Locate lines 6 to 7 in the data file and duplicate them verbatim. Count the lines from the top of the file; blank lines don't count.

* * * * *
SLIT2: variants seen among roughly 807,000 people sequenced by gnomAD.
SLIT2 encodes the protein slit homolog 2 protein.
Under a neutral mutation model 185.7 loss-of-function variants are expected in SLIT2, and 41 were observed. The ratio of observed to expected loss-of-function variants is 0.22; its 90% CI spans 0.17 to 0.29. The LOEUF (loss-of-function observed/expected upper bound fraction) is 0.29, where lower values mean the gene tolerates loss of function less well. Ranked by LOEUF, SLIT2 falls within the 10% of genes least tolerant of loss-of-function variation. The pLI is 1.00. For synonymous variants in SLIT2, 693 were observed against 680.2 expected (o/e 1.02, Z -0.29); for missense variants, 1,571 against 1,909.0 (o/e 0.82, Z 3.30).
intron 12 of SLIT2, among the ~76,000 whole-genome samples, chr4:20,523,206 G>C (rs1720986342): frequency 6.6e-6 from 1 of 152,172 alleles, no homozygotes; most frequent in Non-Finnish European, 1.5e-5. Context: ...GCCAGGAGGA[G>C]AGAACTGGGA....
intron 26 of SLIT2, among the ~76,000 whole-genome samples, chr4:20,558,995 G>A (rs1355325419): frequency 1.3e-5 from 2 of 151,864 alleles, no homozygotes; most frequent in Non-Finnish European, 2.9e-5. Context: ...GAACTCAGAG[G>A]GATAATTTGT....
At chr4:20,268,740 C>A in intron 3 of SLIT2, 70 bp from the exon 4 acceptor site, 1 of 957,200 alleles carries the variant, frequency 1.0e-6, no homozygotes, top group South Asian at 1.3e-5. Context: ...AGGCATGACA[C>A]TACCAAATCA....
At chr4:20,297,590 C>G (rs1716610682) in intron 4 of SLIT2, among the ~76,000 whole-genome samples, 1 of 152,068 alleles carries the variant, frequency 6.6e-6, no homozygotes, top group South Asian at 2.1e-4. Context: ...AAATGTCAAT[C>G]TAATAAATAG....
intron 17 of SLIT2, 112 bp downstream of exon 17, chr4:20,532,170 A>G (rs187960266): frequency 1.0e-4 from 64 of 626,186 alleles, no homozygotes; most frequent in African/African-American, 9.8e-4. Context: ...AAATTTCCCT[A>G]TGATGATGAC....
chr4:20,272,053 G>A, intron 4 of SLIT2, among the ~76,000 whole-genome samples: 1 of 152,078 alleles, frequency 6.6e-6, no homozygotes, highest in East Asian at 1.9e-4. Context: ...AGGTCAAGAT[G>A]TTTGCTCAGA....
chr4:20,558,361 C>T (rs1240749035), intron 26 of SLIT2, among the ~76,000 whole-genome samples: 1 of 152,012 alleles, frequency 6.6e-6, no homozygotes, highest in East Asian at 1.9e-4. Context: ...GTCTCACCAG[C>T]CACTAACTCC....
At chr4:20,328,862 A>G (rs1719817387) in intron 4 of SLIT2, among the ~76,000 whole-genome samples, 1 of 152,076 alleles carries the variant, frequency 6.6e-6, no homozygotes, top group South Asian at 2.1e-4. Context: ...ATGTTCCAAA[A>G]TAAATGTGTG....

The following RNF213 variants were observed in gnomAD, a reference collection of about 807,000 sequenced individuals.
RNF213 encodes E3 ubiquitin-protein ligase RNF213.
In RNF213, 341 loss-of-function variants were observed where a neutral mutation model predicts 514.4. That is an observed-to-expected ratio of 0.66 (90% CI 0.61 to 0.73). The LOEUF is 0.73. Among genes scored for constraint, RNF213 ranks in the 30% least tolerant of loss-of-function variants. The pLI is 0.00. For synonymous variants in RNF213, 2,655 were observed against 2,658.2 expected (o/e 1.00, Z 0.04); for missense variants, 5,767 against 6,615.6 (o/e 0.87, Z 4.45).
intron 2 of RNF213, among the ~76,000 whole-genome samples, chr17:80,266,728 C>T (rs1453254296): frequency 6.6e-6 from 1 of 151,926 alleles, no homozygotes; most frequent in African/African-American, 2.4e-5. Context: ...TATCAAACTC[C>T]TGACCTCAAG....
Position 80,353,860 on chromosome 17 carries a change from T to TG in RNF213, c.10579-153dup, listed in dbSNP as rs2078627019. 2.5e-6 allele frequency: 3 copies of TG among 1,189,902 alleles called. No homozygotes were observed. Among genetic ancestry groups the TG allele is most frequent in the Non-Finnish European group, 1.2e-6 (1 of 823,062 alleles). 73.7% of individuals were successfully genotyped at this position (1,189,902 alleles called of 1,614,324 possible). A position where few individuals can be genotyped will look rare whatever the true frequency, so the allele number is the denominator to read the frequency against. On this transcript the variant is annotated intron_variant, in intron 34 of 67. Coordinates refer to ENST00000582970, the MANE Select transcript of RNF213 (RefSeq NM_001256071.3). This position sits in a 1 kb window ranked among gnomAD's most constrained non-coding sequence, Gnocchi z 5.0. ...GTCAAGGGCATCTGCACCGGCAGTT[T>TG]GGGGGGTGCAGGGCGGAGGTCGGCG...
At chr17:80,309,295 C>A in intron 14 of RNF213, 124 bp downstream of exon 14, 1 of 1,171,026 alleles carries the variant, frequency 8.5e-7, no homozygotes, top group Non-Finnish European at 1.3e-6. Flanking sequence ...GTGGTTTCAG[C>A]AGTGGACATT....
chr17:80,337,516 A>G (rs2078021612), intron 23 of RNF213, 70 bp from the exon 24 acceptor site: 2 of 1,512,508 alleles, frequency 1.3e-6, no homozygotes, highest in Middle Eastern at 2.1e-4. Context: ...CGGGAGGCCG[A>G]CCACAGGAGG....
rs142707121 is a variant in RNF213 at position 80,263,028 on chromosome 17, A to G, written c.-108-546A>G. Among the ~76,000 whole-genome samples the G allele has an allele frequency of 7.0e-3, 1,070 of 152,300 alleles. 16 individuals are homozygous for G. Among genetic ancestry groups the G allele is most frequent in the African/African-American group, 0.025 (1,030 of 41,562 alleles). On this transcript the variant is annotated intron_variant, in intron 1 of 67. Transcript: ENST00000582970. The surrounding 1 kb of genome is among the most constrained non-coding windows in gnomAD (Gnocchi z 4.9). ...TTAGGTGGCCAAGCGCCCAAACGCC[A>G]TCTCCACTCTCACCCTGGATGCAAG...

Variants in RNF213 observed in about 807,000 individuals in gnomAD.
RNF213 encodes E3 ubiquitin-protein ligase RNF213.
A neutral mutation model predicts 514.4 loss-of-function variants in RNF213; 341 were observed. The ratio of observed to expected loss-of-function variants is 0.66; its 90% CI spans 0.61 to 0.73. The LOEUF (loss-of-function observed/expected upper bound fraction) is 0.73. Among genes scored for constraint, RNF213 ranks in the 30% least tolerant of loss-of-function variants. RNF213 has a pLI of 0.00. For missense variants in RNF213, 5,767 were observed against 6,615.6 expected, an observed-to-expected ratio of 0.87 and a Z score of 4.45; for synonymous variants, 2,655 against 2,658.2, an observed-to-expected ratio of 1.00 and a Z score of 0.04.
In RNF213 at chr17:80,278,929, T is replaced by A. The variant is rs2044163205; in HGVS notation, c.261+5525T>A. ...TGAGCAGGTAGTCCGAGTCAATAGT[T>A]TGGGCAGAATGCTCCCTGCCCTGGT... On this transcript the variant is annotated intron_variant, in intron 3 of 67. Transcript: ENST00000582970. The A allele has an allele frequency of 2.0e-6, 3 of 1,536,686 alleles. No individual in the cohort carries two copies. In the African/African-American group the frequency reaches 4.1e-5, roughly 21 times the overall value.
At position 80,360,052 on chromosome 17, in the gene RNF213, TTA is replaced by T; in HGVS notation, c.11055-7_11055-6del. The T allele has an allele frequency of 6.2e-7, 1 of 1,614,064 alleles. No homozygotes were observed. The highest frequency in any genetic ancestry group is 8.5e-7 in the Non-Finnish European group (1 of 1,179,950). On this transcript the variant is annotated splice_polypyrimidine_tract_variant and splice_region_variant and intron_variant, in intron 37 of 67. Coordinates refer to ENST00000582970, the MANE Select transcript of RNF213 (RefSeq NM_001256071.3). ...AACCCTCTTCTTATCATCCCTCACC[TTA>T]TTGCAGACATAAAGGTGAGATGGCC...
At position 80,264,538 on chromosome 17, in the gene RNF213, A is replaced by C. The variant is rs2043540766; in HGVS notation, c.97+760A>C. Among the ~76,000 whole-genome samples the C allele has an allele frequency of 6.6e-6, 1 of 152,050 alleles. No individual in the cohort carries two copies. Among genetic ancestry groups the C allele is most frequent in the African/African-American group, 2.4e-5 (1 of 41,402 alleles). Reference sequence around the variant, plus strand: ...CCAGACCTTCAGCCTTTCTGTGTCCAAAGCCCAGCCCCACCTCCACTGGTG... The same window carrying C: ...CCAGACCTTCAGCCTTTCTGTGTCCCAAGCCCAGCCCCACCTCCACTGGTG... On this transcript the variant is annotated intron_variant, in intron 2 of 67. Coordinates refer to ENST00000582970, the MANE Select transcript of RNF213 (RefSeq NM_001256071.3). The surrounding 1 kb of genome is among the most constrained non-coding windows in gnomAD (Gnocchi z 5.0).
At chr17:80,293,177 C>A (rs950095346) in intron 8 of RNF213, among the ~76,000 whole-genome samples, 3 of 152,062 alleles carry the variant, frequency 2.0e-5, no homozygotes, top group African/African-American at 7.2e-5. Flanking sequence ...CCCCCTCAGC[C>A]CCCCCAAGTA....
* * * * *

At chr4:20,268,740 C>A in intron 3 of SLIT2, 70 bp from the exon 4 acceptor site, 1 of 957,200 alleles carries the variant, frequency 1.0e-6, no homozygotes, top group South Asian at 1.3e-5. Context: ...AGGCATGACA[C>A]TACCAAATCA....
At chr4:20,297,590 C>G (rs1716610682) in intron 4 of SLIT2, among the ~76,000 whole-genome samples, 1 of 152,068 alleles carries the variant, frequency 6.6e-6, no homozygotes, top group South Asian at 2.1e-4. Context: ...AAATGTCAAT[C>G]TAATAAATAG....